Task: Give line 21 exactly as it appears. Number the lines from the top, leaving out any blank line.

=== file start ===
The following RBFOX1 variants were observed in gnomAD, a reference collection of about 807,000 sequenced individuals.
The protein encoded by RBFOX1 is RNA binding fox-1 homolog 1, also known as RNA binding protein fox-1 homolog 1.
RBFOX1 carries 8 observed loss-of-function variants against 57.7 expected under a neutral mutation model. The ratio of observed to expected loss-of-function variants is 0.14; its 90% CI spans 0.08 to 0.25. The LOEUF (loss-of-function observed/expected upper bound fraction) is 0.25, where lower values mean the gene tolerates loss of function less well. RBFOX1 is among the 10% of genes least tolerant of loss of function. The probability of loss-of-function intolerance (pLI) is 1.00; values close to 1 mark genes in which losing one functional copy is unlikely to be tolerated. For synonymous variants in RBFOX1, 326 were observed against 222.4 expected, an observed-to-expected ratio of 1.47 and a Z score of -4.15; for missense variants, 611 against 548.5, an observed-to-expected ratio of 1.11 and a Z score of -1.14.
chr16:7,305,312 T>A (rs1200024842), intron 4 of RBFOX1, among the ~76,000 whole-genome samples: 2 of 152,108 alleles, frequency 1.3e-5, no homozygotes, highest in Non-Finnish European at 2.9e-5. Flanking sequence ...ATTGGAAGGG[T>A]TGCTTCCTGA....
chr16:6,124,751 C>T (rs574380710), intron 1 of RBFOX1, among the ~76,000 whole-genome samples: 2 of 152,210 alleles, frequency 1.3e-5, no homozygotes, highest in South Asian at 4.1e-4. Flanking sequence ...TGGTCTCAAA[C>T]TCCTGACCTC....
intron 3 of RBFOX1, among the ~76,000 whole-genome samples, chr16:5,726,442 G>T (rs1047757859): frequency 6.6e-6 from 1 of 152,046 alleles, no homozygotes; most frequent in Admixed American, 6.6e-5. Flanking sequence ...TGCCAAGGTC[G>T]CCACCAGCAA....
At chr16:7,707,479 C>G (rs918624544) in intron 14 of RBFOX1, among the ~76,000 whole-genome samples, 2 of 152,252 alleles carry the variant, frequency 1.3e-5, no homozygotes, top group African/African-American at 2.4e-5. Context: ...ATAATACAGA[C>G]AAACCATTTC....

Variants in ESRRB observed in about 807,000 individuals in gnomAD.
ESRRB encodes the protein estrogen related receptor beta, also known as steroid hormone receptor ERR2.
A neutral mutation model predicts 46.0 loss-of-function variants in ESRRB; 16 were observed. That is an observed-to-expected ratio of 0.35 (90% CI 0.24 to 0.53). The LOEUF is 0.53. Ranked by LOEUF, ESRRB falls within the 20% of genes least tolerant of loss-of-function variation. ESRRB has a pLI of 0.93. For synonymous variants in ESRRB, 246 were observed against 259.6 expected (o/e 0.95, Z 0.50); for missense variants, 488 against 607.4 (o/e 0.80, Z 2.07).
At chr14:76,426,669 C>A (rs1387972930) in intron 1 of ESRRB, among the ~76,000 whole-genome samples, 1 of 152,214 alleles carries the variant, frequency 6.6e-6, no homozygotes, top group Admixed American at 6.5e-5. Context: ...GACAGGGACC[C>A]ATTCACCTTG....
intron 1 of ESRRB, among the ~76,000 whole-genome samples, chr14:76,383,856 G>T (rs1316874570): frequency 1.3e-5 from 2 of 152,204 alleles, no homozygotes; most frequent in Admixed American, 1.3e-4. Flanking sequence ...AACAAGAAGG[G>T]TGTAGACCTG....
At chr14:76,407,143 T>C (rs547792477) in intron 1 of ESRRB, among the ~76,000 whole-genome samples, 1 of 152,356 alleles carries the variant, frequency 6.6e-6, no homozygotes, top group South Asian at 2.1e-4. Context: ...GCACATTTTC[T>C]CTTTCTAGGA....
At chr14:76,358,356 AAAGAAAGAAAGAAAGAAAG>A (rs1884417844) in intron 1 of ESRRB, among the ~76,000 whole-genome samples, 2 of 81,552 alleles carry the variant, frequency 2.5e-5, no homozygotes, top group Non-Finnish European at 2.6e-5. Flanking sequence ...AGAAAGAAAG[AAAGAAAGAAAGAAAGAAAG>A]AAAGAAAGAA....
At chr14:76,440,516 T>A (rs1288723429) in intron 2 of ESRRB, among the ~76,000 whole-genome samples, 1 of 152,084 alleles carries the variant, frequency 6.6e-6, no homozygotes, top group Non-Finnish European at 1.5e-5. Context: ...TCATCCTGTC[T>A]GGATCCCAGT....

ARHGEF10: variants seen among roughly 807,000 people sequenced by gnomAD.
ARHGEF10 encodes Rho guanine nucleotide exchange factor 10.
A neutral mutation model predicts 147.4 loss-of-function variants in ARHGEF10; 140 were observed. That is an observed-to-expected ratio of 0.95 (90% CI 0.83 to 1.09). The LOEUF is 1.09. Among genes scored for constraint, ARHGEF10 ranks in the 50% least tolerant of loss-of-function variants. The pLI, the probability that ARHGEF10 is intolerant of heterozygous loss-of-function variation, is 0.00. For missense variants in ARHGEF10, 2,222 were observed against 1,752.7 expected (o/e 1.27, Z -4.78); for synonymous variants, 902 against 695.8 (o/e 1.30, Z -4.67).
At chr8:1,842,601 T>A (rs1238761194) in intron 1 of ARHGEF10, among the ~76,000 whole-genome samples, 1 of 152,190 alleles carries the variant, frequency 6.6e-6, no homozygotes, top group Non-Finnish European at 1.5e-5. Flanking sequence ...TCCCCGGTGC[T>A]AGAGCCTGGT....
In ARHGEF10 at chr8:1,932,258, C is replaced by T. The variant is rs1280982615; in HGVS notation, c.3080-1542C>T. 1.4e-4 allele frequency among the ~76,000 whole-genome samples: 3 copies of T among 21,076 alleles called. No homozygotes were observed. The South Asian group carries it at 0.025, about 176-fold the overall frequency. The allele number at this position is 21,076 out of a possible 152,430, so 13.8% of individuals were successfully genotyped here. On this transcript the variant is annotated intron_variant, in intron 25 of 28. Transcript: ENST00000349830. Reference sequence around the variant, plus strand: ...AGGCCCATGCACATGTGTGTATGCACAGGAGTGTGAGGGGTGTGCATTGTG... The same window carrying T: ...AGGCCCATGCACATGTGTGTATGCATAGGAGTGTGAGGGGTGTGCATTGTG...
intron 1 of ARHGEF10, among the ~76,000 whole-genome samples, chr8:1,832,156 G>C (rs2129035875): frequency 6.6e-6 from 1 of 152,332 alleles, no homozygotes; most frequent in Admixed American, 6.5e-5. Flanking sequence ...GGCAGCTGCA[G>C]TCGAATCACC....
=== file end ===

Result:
intron 1 of ARHGEF10, among the ~76,000 whole-genome samples, chr8:1,832,156 G>C (rs2129035875): frequency 6.6e-6 from 1 of 152,332 alleles, no homozygotes; most frequent in Admixed American, 6.5e-5. Flanking sequence ...GGCAGCTGCA[G>C]TCGAATCACC....